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Jim Fitzpatrick: As Minister for the Environment, I last met with the Mayor of London in August 2009 to discuss air quality in London. Since then, the Secretary of State participated in a teleconference with the Mayor on this same matter on 7 December 2009.
DEFRA officials meet regularly with the Greater London Authority (GLA) and Transport for London to discuss the Mayor's Air Quality Strategy and action necessary to meet both NO2 (nitrogen dioxide) and PM10 (particulate matter) limit values in London. These meetings include discussions on our preparations for our resubmission to the Commission for additional time to meet the PM10 limit value in London. The latest draft of the Mayor's strategy was published in October 2009 and contained many helpful measures within it. However, further detail on the impact of these measures is needed to assess their contribution to meeting air quality standards. I am advised that public consultation on the strategy should commence in March this year and officials will continue to work with the GLA on the contribution of the strategy to meeting air quality standards.
Mr. Drew: To ask the Secretary of State for Environment, Food and Rural Affairs with reference to the draft Animal Health Bill, whether he plans to bring forward proposals to extend the powers available to inspectors. 
Jim Fitzpatrick: Clause 47 of the draft Animal Health Bill broadens the powers available to inspectors to take samples of substances such as blood, tissue, excreta and milk to find out whether disease, or causative agents of disease exist.
Mr. Harper: To ask the Secretary of State for Environment, Food and Rural Affairs for what livestock traceability schemes his Department is responsible; and what the (a) objectives and (b) costs in 2009-10 are of each. 
Jim Fitzpatrick: DEFRA is responsible for traceability across the main farmed livestock species: cattle, pigs, sheep and goats. Reliable traceability of livestock underpins disease control measures, ensures effective disease surveillance and maintains consumer confidence. Detailed figures by species are not available but identifying the main livestock species in England and tracking their movements costs Government and the livestock industry in the region of £55 million per year(1).
(1) NAO report "Identifying and Tracking Livestock in England": November 2003.
Bob Spink: To ask the Secretary of State for Environment, Food and Rural Affairs what recent representations he has received from the Association of Photographers on Environment Agency photography contracts.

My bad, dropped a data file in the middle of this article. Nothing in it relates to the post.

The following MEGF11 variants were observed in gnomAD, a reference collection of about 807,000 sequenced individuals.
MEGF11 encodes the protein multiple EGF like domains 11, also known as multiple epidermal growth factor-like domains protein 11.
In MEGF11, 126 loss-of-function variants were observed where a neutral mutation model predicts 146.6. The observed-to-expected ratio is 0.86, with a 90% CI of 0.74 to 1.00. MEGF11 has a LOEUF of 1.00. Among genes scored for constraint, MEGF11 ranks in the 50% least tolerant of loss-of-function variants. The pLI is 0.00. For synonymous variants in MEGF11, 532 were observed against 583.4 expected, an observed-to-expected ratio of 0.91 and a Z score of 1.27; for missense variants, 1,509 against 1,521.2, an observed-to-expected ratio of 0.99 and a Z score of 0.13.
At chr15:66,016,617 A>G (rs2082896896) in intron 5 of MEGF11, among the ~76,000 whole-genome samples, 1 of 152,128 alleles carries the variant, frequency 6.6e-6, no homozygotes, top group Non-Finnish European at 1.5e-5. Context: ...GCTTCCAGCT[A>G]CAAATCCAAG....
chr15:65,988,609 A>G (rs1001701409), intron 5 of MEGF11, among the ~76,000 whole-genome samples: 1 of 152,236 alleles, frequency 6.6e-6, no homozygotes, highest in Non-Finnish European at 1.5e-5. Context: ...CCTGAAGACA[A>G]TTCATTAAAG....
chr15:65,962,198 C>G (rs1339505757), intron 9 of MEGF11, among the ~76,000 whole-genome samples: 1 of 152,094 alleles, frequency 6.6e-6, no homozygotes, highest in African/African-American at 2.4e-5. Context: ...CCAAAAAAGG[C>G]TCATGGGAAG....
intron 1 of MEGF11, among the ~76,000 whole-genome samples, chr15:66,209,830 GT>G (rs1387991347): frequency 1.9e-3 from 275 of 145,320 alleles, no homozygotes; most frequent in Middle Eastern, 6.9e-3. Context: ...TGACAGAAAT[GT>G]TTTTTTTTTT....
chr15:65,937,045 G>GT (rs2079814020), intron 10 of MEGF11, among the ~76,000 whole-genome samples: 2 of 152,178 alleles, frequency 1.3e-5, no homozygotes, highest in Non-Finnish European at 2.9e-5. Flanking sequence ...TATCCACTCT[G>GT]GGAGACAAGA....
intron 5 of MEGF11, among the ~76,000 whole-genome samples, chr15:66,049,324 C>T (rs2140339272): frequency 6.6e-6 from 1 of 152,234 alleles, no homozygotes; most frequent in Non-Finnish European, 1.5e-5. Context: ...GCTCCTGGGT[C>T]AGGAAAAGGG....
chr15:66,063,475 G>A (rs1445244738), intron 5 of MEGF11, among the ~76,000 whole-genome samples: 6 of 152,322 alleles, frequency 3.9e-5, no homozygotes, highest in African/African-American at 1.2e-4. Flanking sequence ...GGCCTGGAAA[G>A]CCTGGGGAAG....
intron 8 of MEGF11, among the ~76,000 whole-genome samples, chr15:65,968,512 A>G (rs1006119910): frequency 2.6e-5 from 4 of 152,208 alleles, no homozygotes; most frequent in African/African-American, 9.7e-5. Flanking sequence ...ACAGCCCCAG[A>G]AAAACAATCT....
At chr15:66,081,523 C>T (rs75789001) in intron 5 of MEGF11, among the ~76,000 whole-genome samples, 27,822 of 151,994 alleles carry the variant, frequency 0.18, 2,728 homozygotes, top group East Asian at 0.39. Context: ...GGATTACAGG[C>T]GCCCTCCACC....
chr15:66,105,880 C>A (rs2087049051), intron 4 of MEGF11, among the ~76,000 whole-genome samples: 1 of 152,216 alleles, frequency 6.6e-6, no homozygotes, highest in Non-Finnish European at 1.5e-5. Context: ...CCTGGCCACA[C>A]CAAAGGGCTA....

The Environment Agency has been in contact with relevant photography organisations to clarify that all
photographers will be paid for their work whether that be covering expenses, royalties or paying an agreed rate for their time.
Tim Farron: To ask the Secretary of State for Environment, Food and Rural Affairs whether he has made an estimate of the cost to the bee industry of importing queen bees in the last five years. 
Dan Norris: No estimate has been made of the cost of importing queen bees. The cost to the bee industry varies considerably depending on the country of origin and the number of bees per consignment and can range between approximately £7-£50 or more for specialist breeder queens. The Food and Environment Research Agency's national bee unit records data on the number of bees imported into England for statutory disease control purposes. These data were set out in the answer of 7 December 2009, Official Report, column 7W.
Stewart Hosie: To ask the Secretary of State for Environment, Food and Rural Affairs what estimate he has made of the average amount of carbon dioxide emitted by companies which do not meet the minimum reporting guidelines on greenhouse gas emissions in each of the last three years. 
Dan Norris: We encourage companies to publicly disclose their greenhouse gas (GHG) emissions using the recently published DEFRA/Department of Environment and Climate Change "Guidance on how to measure and report your greenhouse gas emissions", but such disclosures are not collected by the Government. No estimate has been made of the average carbon dioxide emissions of companies that do not report their GHG emissions.
Mr. Hurd: To ask the Secretary of State for Environment, Food and Rural Affairs whether any written instructions have been provided to his Department's Accounting Officer in accordance with paragraph 5.5 of the Ministerial Code since May 1997. 
Julia Goldsworthy: To ask the Secretary of State for Environment, Food and Rural Affairs how much consultants employed by his Department and its agencies have been paid (a) in total and (b) in reimbursable expenses in each of the last 10 years.